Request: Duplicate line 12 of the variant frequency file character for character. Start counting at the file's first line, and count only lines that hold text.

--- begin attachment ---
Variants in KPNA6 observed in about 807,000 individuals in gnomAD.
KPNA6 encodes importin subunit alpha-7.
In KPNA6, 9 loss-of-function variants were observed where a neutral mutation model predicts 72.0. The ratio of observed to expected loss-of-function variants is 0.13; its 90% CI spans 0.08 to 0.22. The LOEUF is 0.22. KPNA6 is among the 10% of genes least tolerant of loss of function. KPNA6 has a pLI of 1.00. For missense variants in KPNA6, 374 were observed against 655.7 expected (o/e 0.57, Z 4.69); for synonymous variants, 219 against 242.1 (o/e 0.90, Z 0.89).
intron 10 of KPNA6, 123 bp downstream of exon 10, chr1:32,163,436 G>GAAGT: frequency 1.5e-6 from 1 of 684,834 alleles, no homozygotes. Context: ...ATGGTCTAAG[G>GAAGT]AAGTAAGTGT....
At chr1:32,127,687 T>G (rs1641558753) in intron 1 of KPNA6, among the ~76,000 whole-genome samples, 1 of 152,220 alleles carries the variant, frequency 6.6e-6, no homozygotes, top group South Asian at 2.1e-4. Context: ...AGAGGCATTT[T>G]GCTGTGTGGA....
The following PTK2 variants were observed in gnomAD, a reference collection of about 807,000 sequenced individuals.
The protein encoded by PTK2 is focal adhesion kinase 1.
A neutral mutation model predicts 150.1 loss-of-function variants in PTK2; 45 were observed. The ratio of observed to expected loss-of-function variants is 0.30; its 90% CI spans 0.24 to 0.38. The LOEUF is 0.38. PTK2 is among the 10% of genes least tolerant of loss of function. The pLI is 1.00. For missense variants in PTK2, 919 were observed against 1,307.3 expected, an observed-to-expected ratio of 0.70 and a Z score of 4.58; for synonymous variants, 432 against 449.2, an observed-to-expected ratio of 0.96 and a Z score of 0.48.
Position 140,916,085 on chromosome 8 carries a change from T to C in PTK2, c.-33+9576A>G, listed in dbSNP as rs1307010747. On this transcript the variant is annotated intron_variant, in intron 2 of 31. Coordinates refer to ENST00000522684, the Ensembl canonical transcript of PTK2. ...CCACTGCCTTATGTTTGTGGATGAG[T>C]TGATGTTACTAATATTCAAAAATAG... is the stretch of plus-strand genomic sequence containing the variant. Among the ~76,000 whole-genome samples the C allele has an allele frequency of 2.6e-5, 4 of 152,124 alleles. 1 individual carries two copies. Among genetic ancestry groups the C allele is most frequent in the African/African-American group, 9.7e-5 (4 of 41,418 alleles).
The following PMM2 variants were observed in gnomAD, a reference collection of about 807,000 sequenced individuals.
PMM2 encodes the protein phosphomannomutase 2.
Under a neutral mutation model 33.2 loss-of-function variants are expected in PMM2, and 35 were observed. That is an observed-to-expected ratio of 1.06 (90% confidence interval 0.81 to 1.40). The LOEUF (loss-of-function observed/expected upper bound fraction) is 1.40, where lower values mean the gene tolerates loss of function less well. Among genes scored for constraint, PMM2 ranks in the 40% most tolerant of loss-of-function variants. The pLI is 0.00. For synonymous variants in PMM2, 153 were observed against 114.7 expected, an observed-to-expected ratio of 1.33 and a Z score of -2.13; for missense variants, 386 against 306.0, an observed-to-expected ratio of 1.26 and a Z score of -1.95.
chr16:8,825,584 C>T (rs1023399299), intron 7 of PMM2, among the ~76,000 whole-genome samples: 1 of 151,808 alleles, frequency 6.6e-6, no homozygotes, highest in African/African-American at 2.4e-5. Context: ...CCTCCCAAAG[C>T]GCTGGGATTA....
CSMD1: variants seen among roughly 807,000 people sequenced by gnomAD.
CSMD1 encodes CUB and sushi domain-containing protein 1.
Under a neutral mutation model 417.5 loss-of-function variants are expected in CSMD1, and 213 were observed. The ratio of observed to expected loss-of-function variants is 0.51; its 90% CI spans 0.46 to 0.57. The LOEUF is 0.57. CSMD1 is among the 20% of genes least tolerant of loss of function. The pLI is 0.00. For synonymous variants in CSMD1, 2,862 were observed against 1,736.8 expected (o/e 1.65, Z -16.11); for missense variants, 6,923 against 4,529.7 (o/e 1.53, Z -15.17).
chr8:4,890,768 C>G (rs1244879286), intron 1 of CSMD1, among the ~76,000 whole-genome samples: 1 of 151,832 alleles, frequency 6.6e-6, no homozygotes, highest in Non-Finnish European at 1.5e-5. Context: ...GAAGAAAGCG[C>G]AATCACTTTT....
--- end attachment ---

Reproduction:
Under a neutral mutation model 33.2 loss-of-function variants are expected in PMM2, and 35 were observed. That is an observed-to-expected ratio of 1.06 (90% confidence interval 0.81 to 1.40). The LOEUF (loss-of-function observed/expected upper bound fraction) is 1.40, where lower values mean the gene tolerates loss of function less well. Among genes scored for constraint, PMM2 ranks in the 40% most tolerant of loss-of-function variants. The pLI is 0.00. For synonymous variants in PMM2, 153 were observed against 114.7 expected, an observed-to-expected ratio of 1.33 and a Z score of -2.13; for missense variants, 386 against 306.0, an observed-to-expected ratio of 1.26 and a Z score of -1.95.